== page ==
I never thought the day would come. But here it is! Being an Armenian — like playing women’s basketball at Rutgers, losing money on Enron, and contracting AIDS in Africa before it — is now relevant and topical. Hell, yes. I feel so damn temporarily important, and I wouldn’t trade it for having sold steroids to sluggers or resisted arrest in Los Angeles or, for that matter, having rented storefront from Barney Frank. Bask, fellow Armenians! Bask. Ours is the world and all that’s in it — and, which is more, we’ll have a hairy son.
Lest you’ve been comatose or going to history class at Princeton, the source of the spotlight is Congress’s resolution to recognize the Armenian genocide of 1915 as “genocide.” Turkey still insists it was merely a transportation malfunction, in which 1.5 million Armenians mysteriously vanished as piles of human carcasses appeared in their place.
Observers may find the issue inherently dull at first sight. Be patient. You don’t want to miss the massive collateral amusement — whether it’s Islamic Turkey taking postmodern relativism to its logical conclusion, competitors in the victim business afraid of losing market-share, arch unilateralists waxing worrisome over the self-esteem of a pathetically dependent ally, or truth-trumpeting moralists suddenly blowing dry in the name of diplomacy. Progressives have a meta-political reason to like the Armenian issue: it always results in an equal distribution of hypocrisy.
Add a few drops of Bush blood and you get a media frenzy that far outdoes anything surrounding the issue in its cyclical past. Jon Stewart gave it two segments on the Daily Show. The blogosphere is very enjoyably in thrall. And for the most trenchant criticism of the resolution, see Garin Hovannisian’s piece in the Washington Times.
Even if Congress ends up restraining the resolution, this should be considered a victory for the tireless Armenian advocacy brigade. Awareness — of the international insult-to-injury of denial — is all they can really expect. “Who today,” Hitler asked his elite generals nine days before invading Poland, “speaks of the annihilation of the Armenians?” Our next tyrant will have to find some other fodder for his pep-talk.
Any achievement beyond this level of exposure would be purely symbolic. No moderately reasonable person can fail to identify the historical event as genocide. Unless, of course, he’s playing dumb — either because he’s grown used to it as a writer for the Nation, or because he’s on the Turkish dole.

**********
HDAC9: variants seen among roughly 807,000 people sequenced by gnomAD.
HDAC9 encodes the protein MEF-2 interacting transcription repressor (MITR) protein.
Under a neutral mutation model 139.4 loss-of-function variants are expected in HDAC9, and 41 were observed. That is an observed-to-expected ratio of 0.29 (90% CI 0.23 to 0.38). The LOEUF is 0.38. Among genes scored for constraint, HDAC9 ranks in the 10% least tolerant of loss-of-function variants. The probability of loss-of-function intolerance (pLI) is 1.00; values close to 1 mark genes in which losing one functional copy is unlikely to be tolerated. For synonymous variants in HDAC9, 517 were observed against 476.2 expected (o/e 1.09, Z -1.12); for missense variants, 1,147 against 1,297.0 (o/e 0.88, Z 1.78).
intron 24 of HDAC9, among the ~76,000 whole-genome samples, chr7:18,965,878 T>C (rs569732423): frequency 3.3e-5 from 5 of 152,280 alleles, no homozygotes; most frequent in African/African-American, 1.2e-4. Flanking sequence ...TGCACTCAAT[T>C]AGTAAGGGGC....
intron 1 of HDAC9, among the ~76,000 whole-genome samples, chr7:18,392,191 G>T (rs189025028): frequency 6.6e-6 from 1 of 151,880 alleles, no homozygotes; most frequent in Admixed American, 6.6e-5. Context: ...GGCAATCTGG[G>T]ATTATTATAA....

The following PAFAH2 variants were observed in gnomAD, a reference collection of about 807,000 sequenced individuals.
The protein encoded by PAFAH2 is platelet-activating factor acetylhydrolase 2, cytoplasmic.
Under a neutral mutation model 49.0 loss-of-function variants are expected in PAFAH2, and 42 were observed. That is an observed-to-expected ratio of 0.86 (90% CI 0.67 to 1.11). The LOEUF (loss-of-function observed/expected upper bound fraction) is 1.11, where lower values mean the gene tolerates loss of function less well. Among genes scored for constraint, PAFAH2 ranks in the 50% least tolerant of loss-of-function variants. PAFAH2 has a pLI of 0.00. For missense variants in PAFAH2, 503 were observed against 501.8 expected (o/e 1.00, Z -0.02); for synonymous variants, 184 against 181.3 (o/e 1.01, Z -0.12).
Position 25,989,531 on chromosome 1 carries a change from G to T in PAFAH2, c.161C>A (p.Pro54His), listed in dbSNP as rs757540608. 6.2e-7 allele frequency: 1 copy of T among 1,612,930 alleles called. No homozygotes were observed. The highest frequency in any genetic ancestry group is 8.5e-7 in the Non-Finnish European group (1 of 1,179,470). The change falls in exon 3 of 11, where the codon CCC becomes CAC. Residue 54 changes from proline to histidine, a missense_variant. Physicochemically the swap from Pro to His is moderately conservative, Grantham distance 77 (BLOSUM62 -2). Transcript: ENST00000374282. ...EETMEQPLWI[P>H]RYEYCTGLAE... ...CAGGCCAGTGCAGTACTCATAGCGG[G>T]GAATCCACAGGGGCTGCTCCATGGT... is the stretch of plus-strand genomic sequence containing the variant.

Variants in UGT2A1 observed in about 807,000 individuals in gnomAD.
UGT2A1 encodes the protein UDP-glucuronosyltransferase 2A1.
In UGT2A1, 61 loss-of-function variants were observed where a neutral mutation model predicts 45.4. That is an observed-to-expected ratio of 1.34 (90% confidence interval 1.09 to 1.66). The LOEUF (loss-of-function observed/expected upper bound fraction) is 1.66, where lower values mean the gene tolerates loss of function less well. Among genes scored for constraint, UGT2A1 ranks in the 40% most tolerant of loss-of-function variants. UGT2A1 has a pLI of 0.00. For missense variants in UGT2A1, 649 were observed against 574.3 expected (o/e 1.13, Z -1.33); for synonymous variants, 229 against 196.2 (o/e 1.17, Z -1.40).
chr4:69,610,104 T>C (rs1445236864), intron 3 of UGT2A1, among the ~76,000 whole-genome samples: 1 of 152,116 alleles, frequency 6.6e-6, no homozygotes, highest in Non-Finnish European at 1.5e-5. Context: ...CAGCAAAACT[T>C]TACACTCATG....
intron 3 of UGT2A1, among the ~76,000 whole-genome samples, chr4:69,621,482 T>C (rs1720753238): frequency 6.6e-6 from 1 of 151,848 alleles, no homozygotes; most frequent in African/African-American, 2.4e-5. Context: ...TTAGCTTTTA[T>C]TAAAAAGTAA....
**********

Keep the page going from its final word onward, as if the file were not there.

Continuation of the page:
Did you know the Armenian issue has actually been a hot topic in the Anglo-American world once before? Herbert Hoover, reflecting on 1919, said “the name Armenia was in the front of the American mind… known to the American schoolchild only a little less than England.” Ravaged survivors became a cause celebre of roarin’ do-gooders. Pride bonus: no government funding was involved. Calvin Coolidge spoke fondly of the “private enterprise” from 1919 to 1929 that raised today’s equivalent of over $1 billion in charity for Armenians.
Virginia Woolf even used the Armenian issue as a device in the character development of Mrs. Dalloway.
“Armenians,” he said; or perhaps it was “Albanians….
He was already halfway to the House of Commons, to his Armenians, his Albanians, having settled her on the sofa, looking at his roses. And people would say, “Clarissa Dalloway is spoilt.” She cared much more for her roses than for the Armenians. Hunted out of existence, maimed, frozen, the victims of cruelty and injustice (she had heard Richard say so over and over again) — no, she could feel nothing for the Albanians, or was it the Armenians? but she loved her roses (didn’t that help the Armenians?) — the only flowers she could bear to see cut.
Mrs. Dalloway’s cavalier confusion of the two A-ians reveals her socialite shallowness. Perhaps today’s issue can be used by a working novelist (Kristin Gore?) to develop one of her characters. Then it can be referred to in 2097, when being Armenian is cool again, thanks to some historically-conscious teamsters who lobby Congress to finally recognize the cinematic contributions of Rueben Mamoulian.
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